Well, this is a little history that I shared with you. Getting back to the harbor which I think is what this place is all about.   I fell in love with the fishing villages and the ongoing fishing of the people to feed the people.

 

Out on the beach you will find the most colorful boats as well as young and old gathering twice a day for the ritual of fishing.  Running fishing nets out to sea in huge C shaped figures has been developed to a fine art.

Using throwing nets in the shallow lagoons or close to the beach is very popular and the skill with which these nets are thrown to create a perfect circle dropping down onto the unsuspecting schools of fish, is a joy to watch. 

Manually hauling the long nets back to shore with almost hypnotic rhythm for a sometimes merger haul of only a few tiny fish seems like a lost cause, however, these committed fishermen are on the posts singing and pulling and singing and pulling, once the nets are in, the task of repairing any holes before the next catch keeps the men busy.

 

Once the nets come in and the fish are taken out, fish is sorted into baskets and then washed in the sea.

Now the bidding and selling of fish can start and is heard all over the beach.  The baskets are full of fish and the scales busily weigh the merchandise before the price is fixed and the sale concluded.  All the signs of fish being caught, sorted, washed and sold to feed the people.

  

The buyers will walk off with their fish talking and laughing happily being in a position to bring food home. A lot of the daily catch will go to the fish market where, another world of hustle and bustle happens.

  

Any left-over fish is cared for and dried so that nothing goes to waste.  The dried fish is sold in stores in town, the tea plantations, in Candy and all surroundings.  The dried fish is normally deep fried to a crispy delicacy which becomes part of the famous Sri Lankan curries.

  

After a hard day’s work some of the fisherman can be seen playing soccer, or volley ball on the beach while others come and take a rest right there on the beach.

 

‘After a hard day of fishing!’

What is there more to say about this beautiful fishing village and its people?

I was so inspired by Trincomalee and their fishing that I plan to share my take on a Sri Lankan fish curry recipe with you in my next article.  This is really a place to visit and get the feel of the local life and traditions in Sri Lanka.

 

For recipes click here.

 

Aroma – the Italian taste

I just have to tell you about the latest addition to the Muscat Restaurant scene.

Yes, Aroma is the name and it is officially open since the beginning of July. When you go into the restaurant it reminds you of the Colosseum, Rome and Italy.

 

 

The Italian owners Ciro, Anna, Maria and co-owner Naif, all work in the restaurant and with their fabulous Italian chef, Fabio Amodeo, from Rome.  Fabio understands the love of food and he goes about it with so much passion.  I had the privilege to spend an early morning with him. Showing me a few of the sweeter Italian delights they prepare in this well organized open kitchen.  The hustle and bustle of early morning preparation and the smell of yeast hanging in the air was just amazing.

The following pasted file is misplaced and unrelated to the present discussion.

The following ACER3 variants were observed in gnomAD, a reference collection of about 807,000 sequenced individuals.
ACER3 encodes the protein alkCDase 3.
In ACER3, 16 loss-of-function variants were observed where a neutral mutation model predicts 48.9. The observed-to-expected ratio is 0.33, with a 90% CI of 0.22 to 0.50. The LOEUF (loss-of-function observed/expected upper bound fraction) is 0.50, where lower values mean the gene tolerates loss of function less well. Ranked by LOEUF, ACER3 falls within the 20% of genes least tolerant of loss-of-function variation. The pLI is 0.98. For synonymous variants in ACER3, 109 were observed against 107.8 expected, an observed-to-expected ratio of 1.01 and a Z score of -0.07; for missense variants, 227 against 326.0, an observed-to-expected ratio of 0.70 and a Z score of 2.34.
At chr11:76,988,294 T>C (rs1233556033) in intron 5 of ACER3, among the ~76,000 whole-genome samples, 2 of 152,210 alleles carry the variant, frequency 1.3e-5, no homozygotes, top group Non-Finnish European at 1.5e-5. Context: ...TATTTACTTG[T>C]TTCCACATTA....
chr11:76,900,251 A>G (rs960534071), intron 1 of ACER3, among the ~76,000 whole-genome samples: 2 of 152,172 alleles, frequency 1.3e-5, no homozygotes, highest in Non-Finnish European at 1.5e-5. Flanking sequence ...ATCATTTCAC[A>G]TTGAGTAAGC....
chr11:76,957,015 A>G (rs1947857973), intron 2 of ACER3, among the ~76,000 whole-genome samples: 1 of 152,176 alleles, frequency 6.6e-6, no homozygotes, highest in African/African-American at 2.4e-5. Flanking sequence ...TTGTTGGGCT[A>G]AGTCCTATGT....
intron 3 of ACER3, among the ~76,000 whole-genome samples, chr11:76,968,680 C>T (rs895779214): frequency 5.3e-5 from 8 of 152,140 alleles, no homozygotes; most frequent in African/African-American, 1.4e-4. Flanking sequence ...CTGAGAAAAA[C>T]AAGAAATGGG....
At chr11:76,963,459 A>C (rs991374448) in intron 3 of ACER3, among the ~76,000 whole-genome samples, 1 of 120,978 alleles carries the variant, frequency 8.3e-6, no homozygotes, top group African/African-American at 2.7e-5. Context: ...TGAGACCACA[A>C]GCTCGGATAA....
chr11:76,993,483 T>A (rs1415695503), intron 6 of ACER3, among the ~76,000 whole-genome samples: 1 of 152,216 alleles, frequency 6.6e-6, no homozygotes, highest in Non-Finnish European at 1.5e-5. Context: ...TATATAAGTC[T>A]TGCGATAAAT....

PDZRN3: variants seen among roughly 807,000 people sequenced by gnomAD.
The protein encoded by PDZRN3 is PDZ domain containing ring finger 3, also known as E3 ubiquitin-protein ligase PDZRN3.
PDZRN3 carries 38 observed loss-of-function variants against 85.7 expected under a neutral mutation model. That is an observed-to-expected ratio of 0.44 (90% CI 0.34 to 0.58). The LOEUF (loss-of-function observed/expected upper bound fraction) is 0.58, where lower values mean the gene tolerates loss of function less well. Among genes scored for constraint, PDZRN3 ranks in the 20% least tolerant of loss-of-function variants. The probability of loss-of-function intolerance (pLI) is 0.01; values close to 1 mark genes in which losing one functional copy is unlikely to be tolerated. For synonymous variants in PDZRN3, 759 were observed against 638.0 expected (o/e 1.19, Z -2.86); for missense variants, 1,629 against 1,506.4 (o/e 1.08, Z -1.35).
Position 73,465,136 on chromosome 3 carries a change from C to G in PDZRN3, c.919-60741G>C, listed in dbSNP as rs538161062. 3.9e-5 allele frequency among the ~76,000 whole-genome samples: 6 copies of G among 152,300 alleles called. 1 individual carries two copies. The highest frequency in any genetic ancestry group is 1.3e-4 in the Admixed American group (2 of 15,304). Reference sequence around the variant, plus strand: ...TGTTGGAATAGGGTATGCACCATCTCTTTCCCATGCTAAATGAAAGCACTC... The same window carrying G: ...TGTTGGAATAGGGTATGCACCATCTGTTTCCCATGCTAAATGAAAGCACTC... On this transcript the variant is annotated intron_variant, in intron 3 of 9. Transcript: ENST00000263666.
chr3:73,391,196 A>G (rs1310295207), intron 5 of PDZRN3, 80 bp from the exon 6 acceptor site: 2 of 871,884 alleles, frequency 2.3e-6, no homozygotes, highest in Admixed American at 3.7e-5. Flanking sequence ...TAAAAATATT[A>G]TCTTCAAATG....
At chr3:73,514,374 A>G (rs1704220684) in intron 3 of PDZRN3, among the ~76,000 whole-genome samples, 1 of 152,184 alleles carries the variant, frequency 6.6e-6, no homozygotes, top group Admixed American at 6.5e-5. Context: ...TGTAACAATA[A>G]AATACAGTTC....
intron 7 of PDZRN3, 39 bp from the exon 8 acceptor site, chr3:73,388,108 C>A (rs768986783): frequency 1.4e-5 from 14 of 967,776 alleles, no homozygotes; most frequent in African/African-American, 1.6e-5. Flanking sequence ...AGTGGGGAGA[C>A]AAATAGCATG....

I am sharing just a sneak peak of a few of the decadent menu items that you absolutely have to experience.

Double chocolate cake…

prepared with so much attention to detail…

    

 

Then there is the Symphony!

 

You can also indulge in…

  

 

…a Frappe with a cup of Aroma coffee.  

Believe me, I am a coffee snob and this is one of the best coffees I have ever tasted.

And just as I thought it can’t get any better,  Fabio started making this beautiful coloured plate of fruit with “Crèma”.

 

 

Well,  need I say more?  Go and visit Aroma, the Italian taste at Al Muzn Mall, Street no.72, Mawalih North.

I haven’t even got to the starters, the pastas, the salads, the pizzas or the main courses, yet!

I promise to keep you posted, in the mean time, treat yourself to this Italian experience, it is well worth it.

Artichokes, an aphrodisiac

When I see Artichokes at the market, I think work, work, work! It does take some effort to clean and prepare them, but it is worth every moment.  Because I love the look and the color of the Artichoke so much, I decided to take some time to learn more about this vegetable.
The Globe Artichoke (Cynara cardunculus var. scolymus) was dedicated to Venus and was believed to be an aphrodisiac. Because of this the Globe Artichoke became one of the main features in the diets for the wealthy and the noble.  I thought that there must be love somewhere in this colorful veg.
The Artichoke grows wild in the Mediterranean region, is a delicacy in the Middle East and is widely eaten throughout the world.  The Arabic name for an Artichoke is “al Khurshuf” which means prickle or thorn?
How does it grow?
The Artichoke plant is a tall beautiful majestic plant with serrated leaves.  Once the purple flowers come into full bloom it is an awesome sight. The Cone shaped Artichoke is harvested in late winter and the Globe Artichoke is harvested in the early winter.
How to buy and store them?
Choose large heads with tightly closed, fresh looking scales.  To confirm freshness, pick the artichoke up by holding the thick stem, the heads should droop slightly.  Do not buy them if the stems appear stiff this means Artichokes are old and could be hard and woody.  Once you have bought them keep them in a vase with water, like you would keep flowers.